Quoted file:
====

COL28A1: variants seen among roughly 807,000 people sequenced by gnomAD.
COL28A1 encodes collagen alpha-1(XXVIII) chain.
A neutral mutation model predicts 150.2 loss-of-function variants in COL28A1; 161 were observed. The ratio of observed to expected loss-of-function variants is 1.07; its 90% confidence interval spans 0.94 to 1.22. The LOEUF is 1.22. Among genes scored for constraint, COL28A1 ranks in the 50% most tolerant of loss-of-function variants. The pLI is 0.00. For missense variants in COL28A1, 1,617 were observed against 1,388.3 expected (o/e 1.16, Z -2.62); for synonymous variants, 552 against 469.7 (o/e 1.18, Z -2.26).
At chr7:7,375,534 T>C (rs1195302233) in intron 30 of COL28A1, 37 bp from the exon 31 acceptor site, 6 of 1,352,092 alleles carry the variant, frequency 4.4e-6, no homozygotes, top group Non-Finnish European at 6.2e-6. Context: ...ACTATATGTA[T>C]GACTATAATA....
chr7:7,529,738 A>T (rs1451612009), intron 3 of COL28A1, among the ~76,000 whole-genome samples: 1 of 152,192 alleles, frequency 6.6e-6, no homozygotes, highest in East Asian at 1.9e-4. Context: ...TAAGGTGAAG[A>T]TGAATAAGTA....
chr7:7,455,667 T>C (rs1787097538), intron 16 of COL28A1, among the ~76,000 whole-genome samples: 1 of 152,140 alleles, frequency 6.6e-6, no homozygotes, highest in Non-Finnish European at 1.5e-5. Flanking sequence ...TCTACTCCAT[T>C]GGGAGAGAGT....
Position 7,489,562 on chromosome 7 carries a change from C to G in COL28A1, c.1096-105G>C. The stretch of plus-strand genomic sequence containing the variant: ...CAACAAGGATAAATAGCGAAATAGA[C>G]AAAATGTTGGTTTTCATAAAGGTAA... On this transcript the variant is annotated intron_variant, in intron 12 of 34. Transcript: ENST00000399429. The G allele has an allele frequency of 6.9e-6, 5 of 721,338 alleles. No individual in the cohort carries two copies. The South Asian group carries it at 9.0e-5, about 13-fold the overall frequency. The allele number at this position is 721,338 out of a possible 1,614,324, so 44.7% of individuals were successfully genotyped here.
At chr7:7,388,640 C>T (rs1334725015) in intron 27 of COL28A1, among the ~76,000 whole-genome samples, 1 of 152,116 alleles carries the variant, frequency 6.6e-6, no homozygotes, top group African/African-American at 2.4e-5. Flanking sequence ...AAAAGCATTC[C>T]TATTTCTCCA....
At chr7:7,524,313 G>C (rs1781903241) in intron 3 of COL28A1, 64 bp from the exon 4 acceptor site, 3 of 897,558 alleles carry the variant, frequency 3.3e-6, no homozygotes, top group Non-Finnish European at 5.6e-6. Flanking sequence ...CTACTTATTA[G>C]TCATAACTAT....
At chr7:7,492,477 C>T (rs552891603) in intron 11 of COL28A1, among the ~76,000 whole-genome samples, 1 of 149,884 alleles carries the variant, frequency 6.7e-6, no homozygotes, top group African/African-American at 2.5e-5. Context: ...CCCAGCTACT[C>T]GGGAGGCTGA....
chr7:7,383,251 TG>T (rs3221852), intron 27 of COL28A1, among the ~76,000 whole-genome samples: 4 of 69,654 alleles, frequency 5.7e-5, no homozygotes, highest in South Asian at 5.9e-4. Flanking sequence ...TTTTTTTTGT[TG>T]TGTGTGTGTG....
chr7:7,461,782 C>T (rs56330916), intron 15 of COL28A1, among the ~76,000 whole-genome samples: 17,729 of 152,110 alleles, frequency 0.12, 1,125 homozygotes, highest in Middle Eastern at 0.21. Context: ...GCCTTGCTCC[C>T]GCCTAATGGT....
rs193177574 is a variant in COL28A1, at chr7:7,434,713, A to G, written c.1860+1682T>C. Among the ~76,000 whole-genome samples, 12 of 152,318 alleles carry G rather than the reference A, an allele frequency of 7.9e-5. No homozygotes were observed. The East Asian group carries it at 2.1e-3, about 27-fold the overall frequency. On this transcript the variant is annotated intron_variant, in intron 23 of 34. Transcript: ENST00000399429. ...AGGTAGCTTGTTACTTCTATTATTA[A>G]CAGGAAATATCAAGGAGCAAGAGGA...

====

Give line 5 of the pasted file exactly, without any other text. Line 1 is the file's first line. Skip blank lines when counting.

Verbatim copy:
chr7:7,529,738 A>T (rs1451612009), intron 3 of COL28A1, among the ~76,000 whole-genome samples: 1 of 152,192 alleles, frequency 6.6e-6, no homozygotes, highest in East Asian at 1.9e-4. Context: ...TAAGGTGAAG[A>T]TGAATAAGTA....